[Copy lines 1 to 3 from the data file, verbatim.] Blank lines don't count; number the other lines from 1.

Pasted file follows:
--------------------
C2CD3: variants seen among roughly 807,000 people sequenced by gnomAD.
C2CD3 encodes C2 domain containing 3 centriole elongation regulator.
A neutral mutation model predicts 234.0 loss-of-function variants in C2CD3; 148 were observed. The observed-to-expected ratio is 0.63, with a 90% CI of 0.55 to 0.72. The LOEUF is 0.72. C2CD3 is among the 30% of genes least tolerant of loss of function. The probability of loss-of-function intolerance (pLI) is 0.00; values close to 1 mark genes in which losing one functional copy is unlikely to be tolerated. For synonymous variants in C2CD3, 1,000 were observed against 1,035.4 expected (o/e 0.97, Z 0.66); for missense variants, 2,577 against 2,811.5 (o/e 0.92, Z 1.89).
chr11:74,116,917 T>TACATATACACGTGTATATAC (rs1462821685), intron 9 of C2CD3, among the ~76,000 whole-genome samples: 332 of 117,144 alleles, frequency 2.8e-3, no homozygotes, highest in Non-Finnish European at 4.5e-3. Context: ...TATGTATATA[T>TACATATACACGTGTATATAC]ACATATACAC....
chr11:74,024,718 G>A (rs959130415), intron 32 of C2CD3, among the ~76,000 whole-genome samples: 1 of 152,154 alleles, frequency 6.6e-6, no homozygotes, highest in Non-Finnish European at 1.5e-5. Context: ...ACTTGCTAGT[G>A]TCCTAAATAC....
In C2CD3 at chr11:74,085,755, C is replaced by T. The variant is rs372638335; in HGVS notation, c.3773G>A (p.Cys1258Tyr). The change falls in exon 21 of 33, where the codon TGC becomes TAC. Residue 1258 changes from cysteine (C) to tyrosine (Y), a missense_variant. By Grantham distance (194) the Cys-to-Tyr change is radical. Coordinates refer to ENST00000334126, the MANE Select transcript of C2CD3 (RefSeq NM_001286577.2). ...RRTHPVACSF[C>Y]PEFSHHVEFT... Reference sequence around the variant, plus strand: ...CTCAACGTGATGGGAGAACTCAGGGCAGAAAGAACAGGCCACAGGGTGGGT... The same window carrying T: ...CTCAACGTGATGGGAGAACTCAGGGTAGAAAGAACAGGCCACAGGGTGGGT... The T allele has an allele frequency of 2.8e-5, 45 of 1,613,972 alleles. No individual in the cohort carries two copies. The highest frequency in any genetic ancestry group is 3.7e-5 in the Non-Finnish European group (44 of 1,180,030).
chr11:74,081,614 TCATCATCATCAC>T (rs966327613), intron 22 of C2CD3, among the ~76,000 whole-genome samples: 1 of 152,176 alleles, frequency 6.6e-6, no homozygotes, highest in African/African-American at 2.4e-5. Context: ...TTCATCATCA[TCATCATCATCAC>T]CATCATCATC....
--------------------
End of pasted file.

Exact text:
C2CD3: variants seen among roughly 807,000 people sequenced by gnomAD.
C2CD3 encodes C2 domain containing 3 centriole elongation regulator.
A neutral mutation model predicts 234.0 loss-of-function variants in C2CD3; 148 were observed. The observed-to-expected ratio is 0.63, with a 90% CI of 0.55 to 0.72. The LOEUF is 0.72. C2CD3 is among the 30% of genes least tolerant of loss of function. The probability of loss-of-function intolerance (pLI) is 0.00; values close to 1 mark genes in which losing one functional copy is unlikely to be tolerated. For synonymous variants in C2CD3, 1,000 were observed against 1,035.4 expected (o/e 0.97, Z 0.66); for missense variants, 2,577 against 2,811.5 (o/e 0.92, Z 1.89).